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HOW DOES A BACTERIA BECOME A SUPERBUG?



  Jun 24, 2024

HOW DOES A BACTERIA BECOME A SUPERBUG?



UNDERSTANDING SUPERBUGS

Bacteria that have acquired resistance to antibiotics are known as superbugs. This resistance arises from the overuse of antibiotics in humans and livestock. The more bacteria are exposed to antibiotics, the higher the chances they have to evolve resistance.

WHERE DO WE USE ANTIBIOTICS AND HOW DOES IT AFFECT US?

Antibiotics have been pivotal in revolutionizing public health since Alexander Fleming discovered penicillin in 1928. They prevent fatalities from diseases such as cholera, typhoid, pneumonia, and syphilis. However, overconsumption and overprescription of antibiotics have led to increased microbial resistance, especially in countries with high antibiotic usage. Between 2000 and 2018, antibiotic use grew by 46%, with developing nations seeing a 76% increase.

ANTIBIOTICS AND LIVESTOCK

Antibiotics are used extensively in livestock to prevent disease and promote growth. In developed countries, 50-80% of antibiotics sold go to livestock. Resistant bacteria from livestock can enter the environment through waste or meat, eventually making their way to humans and causing disease.

THE HOSPITAL SUPERBUG MRSA

Methicillin-resistant Staphylococcus aureus (MRSA) became a notable superbug in hospitals. Initially responsive to penicillin, S. aureus developed resistance by the 1950s. Methicillin was introduced in 1960, but MRSA strains emerged by the late 1960s and spread globally by the 1980s. MRSA can cause severe infections, including pneumonia and bloodstream infections.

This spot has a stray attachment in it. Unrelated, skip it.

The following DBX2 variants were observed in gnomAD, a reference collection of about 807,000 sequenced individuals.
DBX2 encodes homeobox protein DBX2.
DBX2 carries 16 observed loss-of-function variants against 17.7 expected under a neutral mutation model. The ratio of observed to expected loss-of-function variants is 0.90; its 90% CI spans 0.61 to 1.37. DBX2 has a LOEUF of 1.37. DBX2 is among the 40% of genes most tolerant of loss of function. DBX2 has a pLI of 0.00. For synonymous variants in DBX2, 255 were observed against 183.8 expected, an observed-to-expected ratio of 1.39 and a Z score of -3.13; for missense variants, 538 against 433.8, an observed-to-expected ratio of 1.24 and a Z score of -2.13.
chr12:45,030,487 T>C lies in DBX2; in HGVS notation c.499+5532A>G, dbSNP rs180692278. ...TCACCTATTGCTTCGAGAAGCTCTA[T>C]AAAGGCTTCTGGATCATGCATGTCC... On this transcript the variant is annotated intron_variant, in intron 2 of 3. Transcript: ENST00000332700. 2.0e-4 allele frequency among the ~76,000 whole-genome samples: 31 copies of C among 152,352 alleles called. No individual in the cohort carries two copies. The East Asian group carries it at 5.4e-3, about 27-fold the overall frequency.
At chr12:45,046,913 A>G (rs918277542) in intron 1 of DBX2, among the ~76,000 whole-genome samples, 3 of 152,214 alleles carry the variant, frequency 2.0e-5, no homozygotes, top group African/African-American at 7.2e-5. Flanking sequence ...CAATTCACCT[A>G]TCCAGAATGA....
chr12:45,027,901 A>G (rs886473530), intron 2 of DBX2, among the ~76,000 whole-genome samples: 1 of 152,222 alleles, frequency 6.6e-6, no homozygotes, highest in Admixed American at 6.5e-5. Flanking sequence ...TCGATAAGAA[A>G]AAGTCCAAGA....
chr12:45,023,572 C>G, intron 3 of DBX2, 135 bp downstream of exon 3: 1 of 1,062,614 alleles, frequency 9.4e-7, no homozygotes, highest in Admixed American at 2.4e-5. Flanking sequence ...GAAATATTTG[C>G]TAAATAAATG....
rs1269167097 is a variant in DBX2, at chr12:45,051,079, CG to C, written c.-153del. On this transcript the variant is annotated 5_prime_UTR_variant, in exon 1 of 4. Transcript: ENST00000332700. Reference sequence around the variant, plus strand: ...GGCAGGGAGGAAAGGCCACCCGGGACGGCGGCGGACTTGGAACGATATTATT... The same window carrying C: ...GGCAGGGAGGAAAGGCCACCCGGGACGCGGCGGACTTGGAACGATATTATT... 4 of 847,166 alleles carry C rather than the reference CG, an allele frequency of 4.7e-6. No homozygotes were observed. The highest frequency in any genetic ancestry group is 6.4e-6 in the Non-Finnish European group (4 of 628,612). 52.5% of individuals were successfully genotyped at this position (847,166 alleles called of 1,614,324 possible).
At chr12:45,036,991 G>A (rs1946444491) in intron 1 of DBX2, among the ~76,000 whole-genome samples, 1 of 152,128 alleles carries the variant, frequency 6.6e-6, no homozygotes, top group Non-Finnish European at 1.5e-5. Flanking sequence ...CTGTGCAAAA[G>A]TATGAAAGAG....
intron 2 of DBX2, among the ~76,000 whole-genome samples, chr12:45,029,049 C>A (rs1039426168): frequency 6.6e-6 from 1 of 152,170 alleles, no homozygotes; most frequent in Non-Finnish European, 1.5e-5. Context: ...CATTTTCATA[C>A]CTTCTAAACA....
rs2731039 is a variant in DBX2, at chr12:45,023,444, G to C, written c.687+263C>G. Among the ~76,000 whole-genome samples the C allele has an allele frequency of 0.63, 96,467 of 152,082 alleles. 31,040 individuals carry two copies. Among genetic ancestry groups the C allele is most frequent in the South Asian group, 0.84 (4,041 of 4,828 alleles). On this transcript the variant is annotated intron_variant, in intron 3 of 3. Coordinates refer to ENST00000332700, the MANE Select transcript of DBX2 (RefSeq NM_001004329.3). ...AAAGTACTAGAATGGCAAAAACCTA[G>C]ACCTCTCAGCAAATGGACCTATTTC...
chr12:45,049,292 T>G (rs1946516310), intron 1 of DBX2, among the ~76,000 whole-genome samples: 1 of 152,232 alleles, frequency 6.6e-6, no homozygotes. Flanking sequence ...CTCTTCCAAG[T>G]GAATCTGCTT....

DETRIMENTAL EFFECTS ON GUT MICROBIOME

The human gut microbiome, composed of about 40 trillion bacterial and 30 trillion human cells, plays a vital role in physiological functions, vitamin production, and immune system support. Overuse of broad-spectrum antibiotics can disrupt this microbiome, reducing microbial diversity and increasing susceptibility to pathogenic infections, leading to systemic infections, chronic diarrhea, and inflammation.

ADDRESSING ANTIBIOTIC RESISTANCE

Antibiotic resistance was linked to approximately 5 million deaths worldwide in 2019. Solutions to combat this include:

1. Bacteriophages: These viruses attack and kill specific bacteria, offering targeted treatment without broad-spectrum effects.
2. One Health Approach: This strategy addresses human, animal, and environmental health sectors to manage antibiotic use, observe antimicrobial resistance (AMR), and contain infections.

By implementing these solutions and regulating antibiotic use, we can mitigate the rise of superbugs and protect public health.


SRIRAM’S
 
 


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